A Shaker Thanksgiving
Like every other Shaker feast, the observance of Thanksgiving was governed by the most definite rules, and yet in some ways our manner of keeping the day was not unlike that of the ``world's people.'' Like them we had divine service in the morning, and social diversions in the evening, and as among them, the dinner was the chief consideration of the day. The feast really began with breakfast, for, in addition to the regular fare, we always had boiled rice with maple syrup and home-canned peaches or cherries. At ten o'clock everyone went to church, except the head cooks, whose presence in the kitchen was absolutely necessary.
`The dinner was at twelve, and here chicken took the place of the conventional turkey. These chickens had been selected and fattened for weeks before, and so important was it that they should be cooked exactly right if an inexperienced cook was on duty, a more skillful one was appointed for the day.
`The menu was fricasseed chicken with cream gravy, boiled white potatoes, baked Hubbard squash, mashed turnips, ripe tomato pickles, mince and apple pies, cheese, bread and butter, milk and tea.`
- excerpt from article written by a Shaker known only as `Sister Marcia,` and published in Good Housekeeping, Nov. 1905.
Chef Jeffrey Paige recommends these two Shaker pies for Thanksgiving dessert: APPLE Pie With ROSE WATER `The Shakers raised dozens of different varieties of apples, but for apple pie the Sisters always recommended Granny Smiths. In the early days, the only flavorings the Shakers had were homemade lemon, orange, and rose waters.'
Canterbury Shaker Eldress Bertha's recipe has become a signature dish at her former community.
2 9-inch deep-dish pie crusts (for top and bottom)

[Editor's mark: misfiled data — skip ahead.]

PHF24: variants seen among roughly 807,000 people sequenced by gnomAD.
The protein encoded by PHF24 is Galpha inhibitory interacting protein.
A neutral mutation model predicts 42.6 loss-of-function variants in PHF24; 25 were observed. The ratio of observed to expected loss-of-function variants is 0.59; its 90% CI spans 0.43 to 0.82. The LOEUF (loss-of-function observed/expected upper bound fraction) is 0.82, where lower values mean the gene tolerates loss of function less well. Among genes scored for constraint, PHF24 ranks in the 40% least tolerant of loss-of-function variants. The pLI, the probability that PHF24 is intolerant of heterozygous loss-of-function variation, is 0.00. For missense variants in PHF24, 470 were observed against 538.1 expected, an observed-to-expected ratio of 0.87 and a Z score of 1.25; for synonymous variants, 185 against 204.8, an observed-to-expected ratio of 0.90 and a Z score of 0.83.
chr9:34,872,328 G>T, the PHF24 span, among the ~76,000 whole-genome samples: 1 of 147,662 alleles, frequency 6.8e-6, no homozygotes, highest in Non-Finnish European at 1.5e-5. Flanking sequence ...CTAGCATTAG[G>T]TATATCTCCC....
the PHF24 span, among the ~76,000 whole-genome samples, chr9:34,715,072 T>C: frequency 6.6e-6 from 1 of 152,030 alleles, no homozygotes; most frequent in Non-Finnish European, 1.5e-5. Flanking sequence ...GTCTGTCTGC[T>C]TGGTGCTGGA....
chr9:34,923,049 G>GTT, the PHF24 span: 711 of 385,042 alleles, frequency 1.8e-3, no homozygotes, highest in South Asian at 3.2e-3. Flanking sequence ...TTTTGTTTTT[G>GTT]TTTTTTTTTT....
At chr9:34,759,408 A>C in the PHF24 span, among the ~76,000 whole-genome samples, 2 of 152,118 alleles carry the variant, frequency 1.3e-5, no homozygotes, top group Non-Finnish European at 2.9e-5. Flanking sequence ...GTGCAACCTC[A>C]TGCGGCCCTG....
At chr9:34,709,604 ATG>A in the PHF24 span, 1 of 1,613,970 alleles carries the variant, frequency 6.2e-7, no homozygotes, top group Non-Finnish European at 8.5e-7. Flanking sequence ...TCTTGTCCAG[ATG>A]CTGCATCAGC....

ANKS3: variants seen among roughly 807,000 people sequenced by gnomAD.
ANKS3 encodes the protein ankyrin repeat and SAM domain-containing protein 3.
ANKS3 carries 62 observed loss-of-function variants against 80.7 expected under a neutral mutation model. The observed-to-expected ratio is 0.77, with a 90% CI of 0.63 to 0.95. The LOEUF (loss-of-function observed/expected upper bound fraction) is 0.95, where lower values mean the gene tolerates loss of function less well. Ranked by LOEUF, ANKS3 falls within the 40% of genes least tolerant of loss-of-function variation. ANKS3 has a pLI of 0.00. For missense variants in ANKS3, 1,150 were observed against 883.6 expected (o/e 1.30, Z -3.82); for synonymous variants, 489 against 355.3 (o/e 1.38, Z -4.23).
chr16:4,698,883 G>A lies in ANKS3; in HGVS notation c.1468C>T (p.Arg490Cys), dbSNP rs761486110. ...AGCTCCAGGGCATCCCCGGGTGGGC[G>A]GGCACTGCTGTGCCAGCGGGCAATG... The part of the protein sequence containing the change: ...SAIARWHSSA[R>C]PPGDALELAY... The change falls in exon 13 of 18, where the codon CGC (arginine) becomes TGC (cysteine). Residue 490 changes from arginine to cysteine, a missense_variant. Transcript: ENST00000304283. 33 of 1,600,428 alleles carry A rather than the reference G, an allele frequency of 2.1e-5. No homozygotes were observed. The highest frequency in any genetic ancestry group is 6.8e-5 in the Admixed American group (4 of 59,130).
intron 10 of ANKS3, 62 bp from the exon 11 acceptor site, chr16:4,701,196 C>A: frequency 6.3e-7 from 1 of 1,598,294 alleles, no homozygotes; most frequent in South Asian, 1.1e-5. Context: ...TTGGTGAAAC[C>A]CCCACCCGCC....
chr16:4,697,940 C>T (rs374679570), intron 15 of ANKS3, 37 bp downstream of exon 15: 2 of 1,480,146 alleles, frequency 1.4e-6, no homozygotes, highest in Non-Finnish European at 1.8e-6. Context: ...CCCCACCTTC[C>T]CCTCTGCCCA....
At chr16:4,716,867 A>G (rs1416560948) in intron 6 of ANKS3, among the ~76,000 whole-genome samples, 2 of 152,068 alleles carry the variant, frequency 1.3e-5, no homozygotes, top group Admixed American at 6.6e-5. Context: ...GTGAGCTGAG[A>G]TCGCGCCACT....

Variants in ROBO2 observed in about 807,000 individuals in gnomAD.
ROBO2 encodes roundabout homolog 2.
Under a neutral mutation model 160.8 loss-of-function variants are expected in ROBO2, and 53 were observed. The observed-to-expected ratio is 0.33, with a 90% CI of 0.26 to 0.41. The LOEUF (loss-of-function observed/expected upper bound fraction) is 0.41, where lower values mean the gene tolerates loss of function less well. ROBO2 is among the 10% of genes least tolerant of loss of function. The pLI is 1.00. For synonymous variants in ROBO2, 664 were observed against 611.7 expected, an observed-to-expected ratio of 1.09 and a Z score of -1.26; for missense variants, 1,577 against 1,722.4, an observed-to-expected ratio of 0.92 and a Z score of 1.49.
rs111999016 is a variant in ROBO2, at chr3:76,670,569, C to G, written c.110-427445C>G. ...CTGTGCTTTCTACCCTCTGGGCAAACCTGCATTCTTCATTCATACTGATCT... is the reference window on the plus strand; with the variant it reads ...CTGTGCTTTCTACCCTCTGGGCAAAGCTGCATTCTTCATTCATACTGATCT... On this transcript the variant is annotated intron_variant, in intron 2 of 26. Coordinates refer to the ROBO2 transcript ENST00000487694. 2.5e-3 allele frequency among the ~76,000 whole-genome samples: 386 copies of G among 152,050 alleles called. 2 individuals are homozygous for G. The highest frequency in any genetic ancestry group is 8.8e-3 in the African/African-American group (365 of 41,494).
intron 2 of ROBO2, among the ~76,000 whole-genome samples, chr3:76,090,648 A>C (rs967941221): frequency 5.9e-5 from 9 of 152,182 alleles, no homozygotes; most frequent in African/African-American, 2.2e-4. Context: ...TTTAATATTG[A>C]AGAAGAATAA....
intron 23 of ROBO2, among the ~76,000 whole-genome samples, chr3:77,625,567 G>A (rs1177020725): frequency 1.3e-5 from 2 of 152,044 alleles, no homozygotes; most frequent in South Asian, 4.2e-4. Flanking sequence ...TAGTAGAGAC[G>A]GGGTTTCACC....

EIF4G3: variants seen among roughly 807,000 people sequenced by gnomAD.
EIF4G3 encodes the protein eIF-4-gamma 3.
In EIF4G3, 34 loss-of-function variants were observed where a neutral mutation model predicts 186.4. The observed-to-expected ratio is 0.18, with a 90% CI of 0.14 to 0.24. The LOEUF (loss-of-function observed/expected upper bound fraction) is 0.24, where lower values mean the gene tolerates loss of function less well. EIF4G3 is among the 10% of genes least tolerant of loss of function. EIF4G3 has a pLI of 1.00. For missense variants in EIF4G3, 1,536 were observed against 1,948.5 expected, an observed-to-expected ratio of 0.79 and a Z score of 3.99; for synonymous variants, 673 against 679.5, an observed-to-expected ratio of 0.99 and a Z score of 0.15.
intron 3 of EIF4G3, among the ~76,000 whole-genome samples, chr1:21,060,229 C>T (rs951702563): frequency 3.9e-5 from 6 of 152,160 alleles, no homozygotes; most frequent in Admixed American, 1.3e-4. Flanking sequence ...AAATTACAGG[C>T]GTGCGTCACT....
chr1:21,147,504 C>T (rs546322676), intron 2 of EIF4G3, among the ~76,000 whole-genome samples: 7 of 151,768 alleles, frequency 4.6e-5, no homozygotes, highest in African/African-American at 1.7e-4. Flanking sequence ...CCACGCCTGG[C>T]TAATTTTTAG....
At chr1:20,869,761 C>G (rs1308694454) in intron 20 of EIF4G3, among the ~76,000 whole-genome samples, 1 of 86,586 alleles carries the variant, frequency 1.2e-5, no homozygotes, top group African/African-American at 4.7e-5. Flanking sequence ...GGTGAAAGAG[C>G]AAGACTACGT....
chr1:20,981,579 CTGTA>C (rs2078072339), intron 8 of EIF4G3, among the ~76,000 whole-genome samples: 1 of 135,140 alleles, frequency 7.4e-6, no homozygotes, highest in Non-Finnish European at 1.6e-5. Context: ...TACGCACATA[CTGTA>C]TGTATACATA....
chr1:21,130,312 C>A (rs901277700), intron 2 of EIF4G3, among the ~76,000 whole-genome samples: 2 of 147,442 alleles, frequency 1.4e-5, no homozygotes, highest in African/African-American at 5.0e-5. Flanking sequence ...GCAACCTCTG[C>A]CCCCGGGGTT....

6 large Granny Smith apples
1/4 to 1/2 cup sugar, depending on personal taste and tartness of apples used
3 tablespoons unbleached all-purpose flour
1 teaspoon rose water (available at specialty or natural-foods stores)
1 large egg, beaten
Vanilla ice cream or extra-sharp Vermont Cheddar cheese (optional)
Peel, core, and cut each apple into 8 equal wedges. In a large bowl, toss the apples with the sugar and flour until well coated. Pile the apples into the pie crust, mounding them higher in the center. Sprinkle the rose water evenly over the apples.
With a pastry brush, brush the edges of the pie shell with the beaten egg, drape the top crust over the pie, and crimp the edges to seal the 2 crusts together. Brush the top crust with water and sprinkle lightly with additional sugar. Cut 4 to 6 slits in the top crust to allow steam to escape during baking. Place the pie on a baking sheet and bake on the lowest shelf of the oven for 1 hour.
Serve the pie warm or at room temperature with vanilla ice cream or a wedge of extra-sharp Vermont Cheddar cheese. SISTER ETHEL'S DEEP-DISH CUSTARD PIE
`Custard pie was a favorite of the Shakers. Sister Ethel recalls making hundreds of these pies during her lifetime working in the village's bakery, built in 1820.
Deep-dish custard pie was her favorite and she dictated her recipe to me. When she finished, I asked her, ``Is that everything?'' She quickly replied, ``I almost forgot the most important ingredients, a little love and devotion. That's what really makes it taste so good.`` `
4 large eggs
2/3 cup sugar
1/2 teaspoon salt
1-1/4 cups milk
1-1/4 cups light cream
1 teaspoon vanilla extract
1/4 teaspoon grated nutmeg
1 unbaked 9-inch deep-dish pie crust
Preheat oven to 425 degrees F. In a large bowl, combine the eggs, sugar, and salt, and mix until blended. Stir in the milk, cream, vanilla, and nutmeg, and pour into the prepared 9-inch pie crust.
Bake for 10 minutes, then reduce the oven to 350 degrees F. and bake for 30 more minutes, or until set, when a toothpick inserted in the center of the pie comes out clean. Cool the pie on a wire rack, then refrigerate for at least 1 hour before serving.